Ensuring straightforward and reliable access to data is a critical first hurdle. The majority of mid-market companies work with a mix of data vendors, but without the in-house expertise to efficiently integrate and analyse the data. It may be tempting to immediately integrate third-party systems with PowerBI, but as reporting requirements become more complex, a more unified solution is necessary to avoid conflicting answers to the same question among other issues.

The modern technology stack is designed to reduce the amount of time it takes to get useable data in front of the right teams. Investing in a scalable and efficient technology system pays dividends when it comes to ensuring the consistent delivery of data and analytics to a business.

There are many SaaS-based, off-the-shelf that consolidate business data into a single source of truth (a data warehouse) and can be set-up quickly. These solutions can be focused on specific use cases, and we find these tend to rapidly demonstrate the value of automating data integration and analysis.

Ask yourself:

  • How many systems exist within my organisation, and what valuable insights could be gleaned from effectively combining and analysing data from these systems?
  • How much time and resources are dedicated to manually generating weekly or monthly reports, particularly in the finance department?
  1. The data itself

Data should be readily available and managed in a single source of truth to support defined use cases. The first step to achieving this is to identify and close the most significant data gaps, ensuring complete capture wherever possible. This often means committing and investing in improving data quality and governance and encouraging data use and capture across all aspects of your business.

We find organisations that focus and report on data quality see performance improvements follow suit. For instance, by capturing data on timesheet compliance and reporting it back to teams, timesheet compliance will improve, and the data available to support informed decision making expands.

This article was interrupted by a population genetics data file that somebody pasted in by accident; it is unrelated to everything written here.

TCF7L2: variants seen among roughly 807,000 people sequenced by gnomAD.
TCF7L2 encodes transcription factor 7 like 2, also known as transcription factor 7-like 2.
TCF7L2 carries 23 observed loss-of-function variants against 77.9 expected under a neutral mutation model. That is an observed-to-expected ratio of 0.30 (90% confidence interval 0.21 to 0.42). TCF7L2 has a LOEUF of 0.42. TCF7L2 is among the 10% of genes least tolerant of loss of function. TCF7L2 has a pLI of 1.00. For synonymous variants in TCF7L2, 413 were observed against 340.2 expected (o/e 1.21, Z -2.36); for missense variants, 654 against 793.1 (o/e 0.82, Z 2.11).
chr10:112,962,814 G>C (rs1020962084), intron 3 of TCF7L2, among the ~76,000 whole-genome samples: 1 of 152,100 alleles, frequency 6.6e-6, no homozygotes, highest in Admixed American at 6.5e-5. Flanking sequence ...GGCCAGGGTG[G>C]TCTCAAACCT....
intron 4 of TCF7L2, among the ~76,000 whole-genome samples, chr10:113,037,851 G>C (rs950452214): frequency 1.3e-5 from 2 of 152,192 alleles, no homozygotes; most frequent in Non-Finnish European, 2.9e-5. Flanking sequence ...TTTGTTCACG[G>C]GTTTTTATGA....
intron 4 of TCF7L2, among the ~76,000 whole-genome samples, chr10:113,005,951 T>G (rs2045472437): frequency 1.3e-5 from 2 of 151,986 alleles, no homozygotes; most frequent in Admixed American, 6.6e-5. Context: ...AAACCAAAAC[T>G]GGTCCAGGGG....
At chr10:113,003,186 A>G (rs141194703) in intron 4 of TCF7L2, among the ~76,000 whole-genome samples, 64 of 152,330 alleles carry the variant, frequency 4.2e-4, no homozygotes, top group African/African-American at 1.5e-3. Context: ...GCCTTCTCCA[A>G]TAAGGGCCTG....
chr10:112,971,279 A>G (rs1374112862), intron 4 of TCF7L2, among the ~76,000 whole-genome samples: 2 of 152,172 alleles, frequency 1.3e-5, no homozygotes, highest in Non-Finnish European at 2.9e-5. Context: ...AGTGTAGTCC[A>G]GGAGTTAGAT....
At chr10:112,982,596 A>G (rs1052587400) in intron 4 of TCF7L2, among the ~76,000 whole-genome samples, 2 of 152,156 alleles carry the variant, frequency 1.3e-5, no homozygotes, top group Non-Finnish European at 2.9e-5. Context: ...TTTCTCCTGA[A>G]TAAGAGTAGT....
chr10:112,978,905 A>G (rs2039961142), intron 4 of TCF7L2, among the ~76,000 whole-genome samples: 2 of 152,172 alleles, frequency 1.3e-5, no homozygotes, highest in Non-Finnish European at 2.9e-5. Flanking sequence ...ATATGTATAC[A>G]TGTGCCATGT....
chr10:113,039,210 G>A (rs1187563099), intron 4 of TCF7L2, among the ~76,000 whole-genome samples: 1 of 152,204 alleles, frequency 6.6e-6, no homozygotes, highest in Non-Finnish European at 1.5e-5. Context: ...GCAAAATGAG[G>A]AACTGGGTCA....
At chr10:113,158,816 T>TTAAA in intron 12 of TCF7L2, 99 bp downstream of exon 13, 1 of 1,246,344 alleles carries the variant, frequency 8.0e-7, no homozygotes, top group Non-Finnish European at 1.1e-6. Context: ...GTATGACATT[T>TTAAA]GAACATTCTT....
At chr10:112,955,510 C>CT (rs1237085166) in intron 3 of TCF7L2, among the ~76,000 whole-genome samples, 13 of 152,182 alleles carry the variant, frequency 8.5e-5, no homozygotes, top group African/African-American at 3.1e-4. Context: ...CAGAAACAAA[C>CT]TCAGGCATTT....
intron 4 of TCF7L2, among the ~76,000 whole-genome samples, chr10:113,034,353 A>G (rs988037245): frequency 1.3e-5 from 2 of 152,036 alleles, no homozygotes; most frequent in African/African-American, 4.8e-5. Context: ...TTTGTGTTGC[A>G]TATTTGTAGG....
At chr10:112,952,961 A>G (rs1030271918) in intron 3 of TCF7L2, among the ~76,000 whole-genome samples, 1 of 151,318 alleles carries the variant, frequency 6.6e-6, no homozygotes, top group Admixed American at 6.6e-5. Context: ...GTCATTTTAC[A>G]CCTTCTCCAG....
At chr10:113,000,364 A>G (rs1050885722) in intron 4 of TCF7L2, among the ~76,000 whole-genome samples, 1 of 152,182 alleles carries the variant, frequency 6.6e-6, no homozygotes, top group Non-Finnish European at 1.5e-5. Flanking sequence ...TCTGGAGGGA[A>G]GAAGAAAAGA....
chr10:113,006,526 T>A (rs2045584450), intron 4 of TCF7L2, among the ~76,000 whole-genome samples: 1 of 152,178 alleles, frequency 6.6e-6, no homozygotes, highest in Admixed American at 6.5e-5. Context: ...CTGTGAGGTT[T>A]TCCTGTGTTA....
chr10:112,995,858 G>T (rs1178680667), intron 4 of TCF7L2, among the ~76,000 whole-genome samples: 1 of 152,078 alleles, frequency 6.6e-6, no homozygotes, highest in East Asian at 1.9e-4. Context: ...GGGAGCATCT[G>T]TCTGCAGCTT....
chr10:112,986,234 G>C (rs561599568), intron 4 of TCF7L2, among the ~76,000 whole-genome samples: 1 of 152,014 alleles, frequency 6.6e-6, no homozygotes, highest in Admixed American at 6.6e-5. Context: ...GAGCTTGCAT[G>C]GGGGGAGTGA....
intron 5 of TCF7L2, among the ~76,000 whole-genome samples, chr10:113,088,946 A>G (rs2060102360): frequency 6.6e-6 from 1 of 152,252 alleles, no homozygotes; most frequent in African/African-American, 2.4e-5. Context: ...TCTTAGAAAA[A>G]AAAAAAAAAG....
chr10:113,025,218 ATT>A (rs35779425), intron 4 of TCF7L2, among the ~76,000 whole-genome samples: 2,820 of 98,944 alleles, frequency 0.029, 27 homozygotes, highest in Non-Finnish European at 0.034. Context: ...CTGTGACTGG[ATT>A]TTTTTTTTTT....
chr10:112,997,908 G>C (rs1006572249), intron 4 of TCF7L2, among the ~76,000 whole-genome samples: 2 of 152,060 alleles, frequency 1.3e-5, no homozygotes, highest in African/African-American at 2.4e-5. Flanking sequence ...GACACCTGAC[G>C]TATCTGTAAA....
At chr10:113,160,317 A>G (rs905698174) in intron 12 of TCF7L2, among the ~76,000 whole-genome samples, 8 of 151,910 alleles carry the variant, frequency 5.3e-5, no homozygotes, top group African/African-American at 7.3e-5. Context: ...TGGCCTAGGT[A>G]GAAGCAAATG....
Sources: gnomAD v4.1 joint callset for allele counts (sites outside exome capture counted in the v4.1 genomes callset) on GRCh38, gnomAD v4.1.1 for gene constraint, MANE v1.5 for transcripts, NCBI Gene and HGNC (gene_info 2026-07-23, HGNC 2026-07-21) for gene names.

Ask yourself:

  • In what areas of business operations is there insufficient data to support decision making, aka, where are decisions always made on ‘gut feel’?
  • In which data sets, would an increase in accuracy of coverage deliver a disproportionate impact?
  1. People and culture

Improving data maturity means supporting people and nurturing the right people, with the right skills, in the right part of a business. This includes ensuring accountability for data among the leadership team and throughout the business.

We typically see the responsibility for data strategy and analytics sitting in the wrong place. We encourage clients to think about what people and structures they need in their business now to start creating value from their data, and then plan for what they will need in the future. Creating a data-first culture has to come from the top – this means eventually making space in the leadership team for an analytics professional.

For example, in a £50m revenue, multi-brand SaaS business, the data team lead had two reporting layers between them and the CEO, significantly hindering the team’s influence and ability to drive culture and impact across the group. With some strategic changes to the management team and the organisational structure, the data team found a consistent and credible voice at the C-level resulting in immediate impact.

Ask yourself:

  • Where does accountability for driving the data and analytics agenda sit in your organisation? And does this role cover the commercial and technical aspects of data.
  • How many employees within my organisation are conducting the same analysis on a monthly basis? Could you provide them with professional development and tools to make them more efficient?

Creating long-term value through data maturity

With the right level of prioritisation, every leadership team can drive performance and commercial growth through data-driven, evidence-led insight. There’s no magic solution, but with the right focus, results can be delivered quickly. When data is leveraged as a strategic asset and processes are established to turn it into actionable insights, it becomes a powerful enabler for driving performance and growth.

In particular, we cannot stress enough the importance of using good data well in advance of an M&A process. Insights from a well-formulated analytics strategy drive value during the hold period, but more importantly, enable great articulation of company performance and positioning at exit: a key value driver for PE and management teams.

To discuss how CIL can help you improve your data maturity, get in touch.